Instead of only ONE place where the cryptex would engage, cut several along the ring that are only 1/4 of the depth needed. It works like a charm.

 

Would you do that for one of the rings or more than one?

That's a great solution. If I were doing it, I'd probably put two or three false notches on each ring.

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Actually, that problem is solved really easy. If you want to know how, just add false stops.

Instead of only ONE place where the cryptex would engage, cut several along the ring that are only 1/4 of the depth needed. It works like a charm.

 

Would you do that for one of the rings or more than one?

That's a great solution. If I were doing it, I'd probably put two or three false notches on each ring.

 

Exactly. Put them in each ring and the more the better, though 2, 3 or 4 decoy notches would suffice.

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Exactly. Put them in each ring and the more the better, though 2, 3 or 4 decoy notches would suffice.

Wow! This is at least the 2nd time today that I've taken my hat off to you for one of your posts. Good idea! Of course, it obviously came from a mis-spent youth picking bicycle locks, but whatever works...! :(
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The only way you could avoid this is by assuring that the holes for the bolts are *precisely* spaced, and that your inner split rings are *precisely* positioned, so that each bolt touches it's locking ring at *precisely* the same instant. By 'precise', I mean within a few thousands of an inch. I just can't see anyone without special equipment getting it that close.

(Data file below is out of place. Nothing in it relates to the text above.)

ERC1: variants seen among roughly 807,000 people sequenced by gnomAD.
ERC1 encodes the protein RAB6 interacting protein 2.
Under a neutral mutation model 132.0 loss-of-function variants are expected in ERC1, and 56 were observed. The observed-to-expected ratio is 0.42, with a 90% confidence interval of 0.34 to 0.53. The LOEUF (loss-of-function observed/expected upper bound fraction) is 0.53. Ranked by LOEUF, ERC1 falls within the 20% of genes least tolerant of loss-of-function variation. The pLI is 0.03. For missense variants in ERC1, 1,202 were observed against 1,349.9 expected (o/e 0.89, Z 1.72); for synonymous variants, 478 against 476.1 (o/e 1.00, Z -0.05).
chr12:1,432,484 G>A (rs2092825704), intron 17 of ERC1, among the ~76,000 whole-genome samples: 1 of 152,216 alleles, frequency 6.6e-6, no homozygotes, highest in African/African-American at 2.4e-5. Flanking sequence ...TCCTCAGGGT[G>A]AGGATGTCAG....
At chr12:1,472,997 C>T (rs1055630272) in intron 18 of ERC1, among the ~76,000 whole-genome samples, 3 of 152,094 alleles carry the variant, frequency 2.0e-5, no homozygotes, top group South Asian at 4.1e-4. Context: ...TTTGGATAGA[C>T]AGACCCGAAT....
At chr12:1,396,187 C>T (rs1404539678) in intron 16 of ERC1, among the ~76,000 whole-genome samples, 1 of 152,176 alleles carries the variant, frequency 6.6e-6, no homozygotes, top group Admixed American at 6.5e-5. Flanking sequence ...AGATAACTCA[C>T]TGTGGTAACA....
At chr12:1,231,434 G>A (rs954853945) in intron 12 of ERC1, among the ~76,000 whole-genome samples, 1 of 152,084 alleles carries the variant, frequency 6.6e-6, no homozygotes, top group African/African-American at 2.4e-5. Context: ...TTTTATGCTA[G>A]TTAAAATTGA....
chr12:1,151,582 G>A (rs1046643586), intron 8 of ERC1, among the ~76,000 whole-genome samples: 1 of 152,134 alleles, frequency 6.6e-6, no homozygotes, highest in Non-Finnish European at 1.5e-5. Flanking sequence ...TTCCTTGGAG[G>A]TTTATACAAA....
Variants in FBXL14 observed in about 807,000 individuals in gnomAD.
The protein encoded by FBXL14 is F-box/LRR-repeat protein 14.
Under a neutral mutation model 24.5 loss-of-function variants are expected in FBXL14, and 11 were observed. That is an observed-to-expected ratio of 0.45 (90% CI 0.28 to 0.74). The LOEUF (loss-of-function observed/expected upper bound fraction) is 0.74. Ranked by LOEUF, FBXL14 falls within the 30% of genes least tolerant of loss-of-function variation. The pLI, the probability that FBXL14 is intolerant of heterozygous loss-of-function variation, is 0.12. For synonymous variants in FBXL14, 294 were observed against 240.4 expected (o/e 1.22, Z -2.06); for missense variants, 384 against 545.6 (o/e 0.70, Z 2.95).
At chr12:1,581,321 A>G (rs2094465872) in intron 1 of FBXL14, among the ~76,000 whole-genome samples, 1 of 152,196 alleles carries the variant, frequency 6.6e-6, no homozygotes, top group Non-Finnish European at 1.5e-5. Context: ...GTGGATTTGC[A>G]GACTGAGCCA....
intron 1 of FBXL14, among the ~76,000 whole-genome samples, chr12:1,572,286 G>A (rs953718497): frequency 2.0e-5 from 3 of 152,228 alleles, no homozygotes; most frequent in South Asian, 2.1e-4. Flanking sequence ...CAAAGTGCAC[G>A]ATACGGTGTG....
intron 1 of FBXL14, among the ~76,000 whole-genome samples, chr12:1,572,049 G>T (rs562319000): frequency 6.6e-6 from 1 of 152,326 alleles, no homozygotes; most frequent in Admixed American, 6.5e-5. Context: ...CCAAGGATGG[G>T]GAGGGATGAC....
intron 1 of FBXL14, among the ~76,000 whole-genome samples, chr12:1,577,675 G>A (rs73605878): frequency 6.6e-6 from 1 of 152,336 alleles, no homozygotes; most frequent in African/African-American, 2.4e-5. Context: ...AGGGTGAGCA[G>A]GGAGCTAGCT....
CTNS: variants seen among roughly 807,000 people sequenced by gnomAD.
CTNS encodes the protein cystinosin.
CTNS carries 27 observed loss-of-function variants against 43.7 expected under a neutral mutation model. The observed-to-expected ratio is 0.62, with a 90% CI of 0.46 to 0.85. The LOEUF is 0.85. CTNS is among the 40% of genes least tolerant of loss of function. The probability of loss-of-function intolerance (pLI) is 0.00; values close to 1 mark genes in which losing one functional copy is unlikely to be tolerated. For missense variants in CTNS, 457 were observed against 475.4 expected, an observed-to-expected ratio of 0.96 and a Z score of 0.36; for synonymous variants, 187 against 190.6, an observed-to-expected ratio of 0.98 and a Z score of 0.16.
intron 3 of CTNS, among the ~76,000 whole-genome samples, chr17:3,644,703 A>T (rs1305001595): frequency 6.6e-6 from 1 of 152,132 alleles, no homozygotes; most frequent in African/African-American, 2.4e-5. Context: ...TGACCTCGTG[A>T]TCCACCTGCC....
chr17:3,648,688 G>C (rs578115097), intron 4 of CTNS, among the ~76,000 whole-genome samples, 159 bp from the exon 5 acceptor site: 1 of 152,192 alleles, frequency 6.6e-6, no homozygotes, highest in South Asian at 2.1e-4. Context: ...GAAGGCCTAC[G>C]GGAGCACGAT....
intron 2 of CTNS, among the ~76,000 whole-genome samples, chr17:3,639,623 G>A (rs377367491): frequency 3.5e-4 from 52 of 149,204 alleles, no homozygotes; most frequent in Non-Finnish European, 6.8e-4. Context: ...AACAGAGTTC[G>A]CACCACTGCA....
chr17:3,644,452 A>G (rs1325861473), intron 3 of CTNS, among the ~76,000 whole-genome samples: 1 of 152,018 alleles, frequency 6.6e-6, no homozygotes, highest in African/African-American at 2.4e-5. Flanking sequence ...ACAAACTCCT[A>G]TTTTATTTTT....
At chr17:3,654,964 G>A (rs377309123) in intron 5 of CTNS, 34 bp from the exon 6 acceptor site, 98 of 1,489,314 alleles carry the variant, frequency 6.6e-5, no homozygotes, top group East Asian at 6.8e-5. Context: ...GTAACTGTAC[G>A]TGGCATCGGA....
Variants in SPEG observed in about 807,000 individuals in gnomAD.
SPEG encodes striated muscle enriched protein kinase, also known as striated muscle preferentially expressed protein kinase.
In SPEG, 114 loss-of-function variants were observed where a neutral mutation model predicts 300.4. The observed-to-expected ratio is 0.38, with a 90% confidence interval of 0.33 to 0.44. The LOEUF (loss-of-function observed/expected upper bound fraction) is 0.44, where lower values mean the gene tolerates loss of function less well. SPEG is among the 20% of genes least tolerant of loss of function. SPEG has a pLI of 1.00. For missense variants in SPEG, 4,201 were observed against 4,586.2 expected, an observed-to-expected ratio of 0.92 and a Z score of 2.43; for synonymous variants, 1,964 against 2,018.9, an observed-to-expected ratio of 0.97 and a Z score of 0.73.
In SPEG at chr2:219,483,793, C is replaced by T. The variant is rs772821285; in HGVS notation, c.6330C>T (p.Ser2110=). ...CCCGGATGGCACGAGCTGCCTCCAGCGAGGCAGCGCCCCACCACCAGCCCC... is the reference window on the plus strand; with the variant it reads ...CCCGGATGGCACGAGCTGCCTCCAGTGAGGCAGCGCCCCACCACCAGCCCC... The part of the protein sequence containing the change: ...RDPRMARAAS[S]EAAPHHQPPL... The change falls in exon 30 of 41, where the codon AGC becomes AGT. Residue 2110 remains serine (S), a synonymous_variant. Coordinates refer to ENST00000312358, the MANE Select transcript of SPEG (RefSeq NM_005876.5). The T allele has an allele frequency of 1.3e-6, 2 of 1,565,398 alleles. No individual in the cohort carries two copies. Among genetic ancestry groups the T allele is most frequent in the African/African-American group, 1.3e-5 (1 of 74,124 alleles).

OK... thats what I thought... I knew if you could get enough "slop" out of everything and tighten it it, the harder it would be to "cheat" it this way... was just wondering how it all felt on one already built with the plans.

 

In the end, I figure it's more of a 'cool' container than one that's guaranteed to prevent folks cheating like this. The fun is going to be getting to put in the correct combination and open it correctly. I'd expect the cheaters to be fairly rare.

 

Yes! Still DEFINATELY a very cool container and idea!

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Exactly. Put them in each ring and the more the better, though 2, 3 or 4 decoy notches would suffice.

Wow! This is at least the 2nd time today that I've taken my hat off to you for one of your posts. Good idea! Of course, it obviously came from a mis-spent youth picking bicycle locks, but whatever works...! :(

Obviously.

 

Adding that, for best results, make the phony notches so they line up with letters. If they don't line up with letters it would be pretty easy to determine which notches were the wrong ones.

Edited by bittsen
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Exactly. Put them in each ring and the more the better, though 2, 3 or 4 decoy notches would suffice.

Wow! This is at least the 2nd time today that I've taken my hat off to you for one of your posts. Good idea! Of course, it obviously came from a mis-spent youth picking bicycle locks, but whatever works...! :(